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Diana Krall: Live in Rio

C. Michael Bailey By

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Diana Krall
Live In Rio
Eagle Eye Productions
2009



There are some music critics who will fault a successful artist for "selling out," for appealing to the lowest common denominator with music that is either highly processed or mediocre for the sake of not being offensive (read that, misunderstood). Such criticism has been leveled at Canadian pianist and singer Diana Krall, who by any standards of success is a rock star in the world of jazz—and it's true, Krall takes absolutely no artistic chances, choosing rather to perform mainstream jazz vocal music superbly well. But that is her charm. Krall's conservative approach has led her to wide crossover appeal and matching commercial success since her debut in 1993.

Live In Rio is Krall's DVD companion to her recently released bossa nova recording, Quiet Nights (Verve, 2009). It captures Krall and her long time band of bassist John Clayton, guitarist Anthony Wilson and drummer Jeff Hamilton, augmented by percussionist Paulinho DaCosta, performing at the Vivo Rio in Rio De Janeiro in November 2008. The performance was also supported by the Rio De Janeiro Orchestra under the direction of Ruria Duprat.

Apparent from the start of the show is the affectionate rapport between Krall and her Brazilian audience. It is obvious that Krall and company enjoy performing for the Rio crowd and that the Rio crowd enjoy being performed for. Also apparent is Krall's rapport with her band, all members smiling at one another. Krall's performance betrays her preparations for Quiet Nights with the performance of several songs from the then unreleased album. These are sprinkled among her typical repertoire of ballads and upbeats.

Krall opens with a frisky "I Love Being Here With You" and remains in this vein until bossa-ing it up with the Hal David/Burt Bacharach classic "Walk On By." This introduces the scaffolding performances of the show, Krall's oft-performed "Frim Fram Sauce," taken at a quick clip, and her newly arranged reading of Irving Berlin's "Cheek to Cheek." On these two pieces Krall earns her living playing, singing and soloing with that creative efficiency she has become known for. So urgent is her performance that the humid Rio night glows on her, indicating just how special this pairing was.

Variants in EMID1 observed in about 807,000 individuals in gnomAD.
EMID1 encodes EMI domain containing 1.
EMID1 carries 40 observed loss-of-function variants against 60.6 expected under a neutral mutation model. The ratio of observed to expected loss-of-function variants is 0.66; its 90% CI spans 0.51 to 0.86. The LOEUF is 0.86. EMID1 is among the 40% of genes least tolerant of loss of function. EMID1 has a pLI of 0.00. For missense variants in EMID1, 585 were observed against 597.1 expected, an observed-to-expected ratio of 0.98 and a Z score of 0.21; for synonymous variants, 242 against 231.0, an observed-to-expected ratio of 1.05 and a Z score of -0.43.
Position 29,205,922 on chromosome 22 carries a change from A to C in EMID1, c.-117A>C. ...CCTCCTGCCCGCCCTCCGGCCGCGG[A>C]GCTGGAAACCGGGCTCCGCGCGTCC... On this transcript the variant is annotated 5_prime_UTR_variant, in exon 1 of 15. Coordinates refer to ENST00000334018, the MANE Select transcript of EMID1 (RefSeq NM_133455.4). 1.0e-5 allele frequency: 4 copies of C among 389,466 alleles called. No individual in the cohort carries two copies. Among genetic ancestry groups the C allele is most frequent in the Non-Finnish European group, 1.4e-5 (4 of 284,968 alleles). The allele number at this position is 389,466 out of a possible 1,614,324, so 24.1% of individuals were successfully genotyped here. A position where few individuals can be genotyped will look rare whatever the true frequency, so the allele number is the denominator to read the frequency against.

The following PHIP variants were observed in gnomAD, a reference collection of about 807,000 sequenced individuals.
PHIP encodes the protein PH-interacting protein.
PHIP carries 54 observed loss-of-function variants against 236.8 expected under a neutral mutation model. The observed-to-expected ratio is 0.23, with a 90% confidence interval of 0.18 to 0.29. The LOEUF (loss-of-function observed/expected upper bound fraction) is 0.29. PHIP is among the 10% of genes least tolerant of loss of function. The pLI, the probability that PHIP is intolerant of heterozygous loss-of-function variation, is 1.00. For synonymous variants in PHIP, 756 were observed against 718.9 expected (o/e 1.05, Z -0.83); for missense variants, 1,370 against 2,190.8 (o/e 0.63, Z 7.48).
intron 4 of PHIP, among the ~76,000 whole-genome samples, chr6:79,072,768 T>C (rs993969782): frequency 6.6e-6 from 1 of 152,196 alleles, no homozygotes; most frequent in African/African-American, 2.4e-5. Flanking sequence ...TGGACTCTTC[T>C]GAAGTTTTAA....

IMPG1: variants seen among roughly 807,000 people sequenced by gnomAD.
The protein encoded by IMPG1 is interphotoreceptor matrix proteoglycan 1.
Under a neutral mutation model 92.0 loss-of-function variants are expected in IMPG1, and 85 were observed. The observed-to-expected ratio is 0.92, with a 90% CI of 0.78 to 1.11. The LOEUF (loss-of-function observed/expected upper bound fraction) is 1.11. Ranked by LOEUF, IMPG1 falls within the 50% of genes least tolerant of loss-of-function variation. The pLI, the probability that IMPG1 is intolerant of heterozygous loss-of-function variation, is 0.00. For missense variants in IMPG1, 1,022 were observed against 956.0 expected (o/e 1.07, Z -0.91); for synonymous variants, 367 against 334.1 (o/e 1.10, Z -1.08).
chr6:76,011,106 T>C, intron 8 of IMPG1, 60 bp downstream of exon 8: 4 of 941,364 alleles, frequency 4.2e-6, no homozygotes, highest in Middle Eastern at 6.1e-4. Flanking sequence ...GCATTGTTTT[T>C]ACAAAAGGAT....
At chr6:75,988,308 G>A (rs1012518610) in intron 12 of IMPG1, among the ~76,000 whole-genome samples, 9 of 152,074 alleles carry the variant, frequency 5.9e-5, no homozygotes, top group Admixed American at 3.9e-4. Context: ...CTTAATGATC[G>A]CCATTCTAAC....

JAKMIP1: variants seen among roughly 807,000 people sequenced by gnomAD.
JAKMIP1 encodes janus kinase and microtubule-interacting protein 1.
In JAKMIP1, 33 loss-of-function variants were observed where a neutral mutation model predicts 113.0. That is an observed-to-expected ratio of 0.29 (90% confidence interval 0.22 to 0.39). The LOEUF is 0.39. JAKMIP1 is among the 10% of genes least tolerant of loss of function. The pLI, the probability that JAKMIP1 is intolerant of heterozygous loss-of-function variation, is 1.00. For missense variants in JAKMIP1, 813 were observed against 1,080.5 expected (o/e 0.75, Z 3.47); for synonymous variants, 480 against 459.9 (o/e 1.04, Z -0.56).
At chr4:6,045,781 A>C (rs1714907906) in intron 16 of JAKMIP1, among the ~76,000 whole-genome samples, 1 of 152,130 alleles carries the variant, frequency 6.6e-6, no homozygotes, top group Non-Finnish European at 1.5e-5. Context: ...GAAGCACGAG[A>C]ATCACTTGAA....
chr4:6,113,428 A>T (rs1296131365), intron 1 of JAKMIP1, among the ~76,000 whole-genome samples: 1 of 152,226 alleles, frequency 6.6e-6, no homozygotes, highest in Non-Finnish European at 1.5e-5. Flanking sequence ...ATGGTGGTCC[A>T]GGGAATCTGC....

For the Brazilian audience, the performance peaks with the trilogy of "Quiet Nights," "Este Seu Olhar" and "The Boy from Ipanema," all delivered with Krall's relaxed and breathy sexiness. Here she is one with the audience, who she encourages to sing along. Wilson's piquant guitar playing is here best realized, his sensitive soloing and accompaniment well suited for this swaying material. Clayton and Hamilton are impeccable, as always.

One writer in the blogosphere takes Krall and company to task for having aged since the mid-1990s. While it is sad that youth is not a continuing state of affairs, it is nice to see the beautiful and talented Krall in full maturity. Krall is not the be all and end all. Dena DeRose is a better singer and Patti Wicks a better pianist. But, while she may not blaze any creative jazz trails, Krall's intelligent and informed piano playing and her unique timing and delivery will have her remaining the star she is in her proper place in the musical heavens.


Tracks: I Love Being Here With You; Let's Fall in Love; Where Or When; Too Marvelous for Words; I've Grown Accustomed to Your Face; Walk On By; Frim Fram Sauce; Cheek to Cheek; You're My Thrill; Let's Face the Music and Dance; Every time We Say GoodBye; So Nice; Quiet Nights; Este Seu Olhar; The Boy form Impanema; I Don't Know Enough About You; S'Wonderful; Exactly Like You.

Personnel: Diana Krall: piano, vocals; John Clayton: bass; Jeff Hamilton: drums; Anthony Wilson: guitar; Paulinho DaCosta: percussion; Claus Ogerman: arrangements; Ruria Duprat: conductor; The Rio De Janeiro Orchestra.

Production Notes: 135 minutes. Recorded November 2008 at Vivo Rio in Rio De Janerio, Brazil. Extras: conversations with the musicians and the promotional film - The Boy from Impanema.


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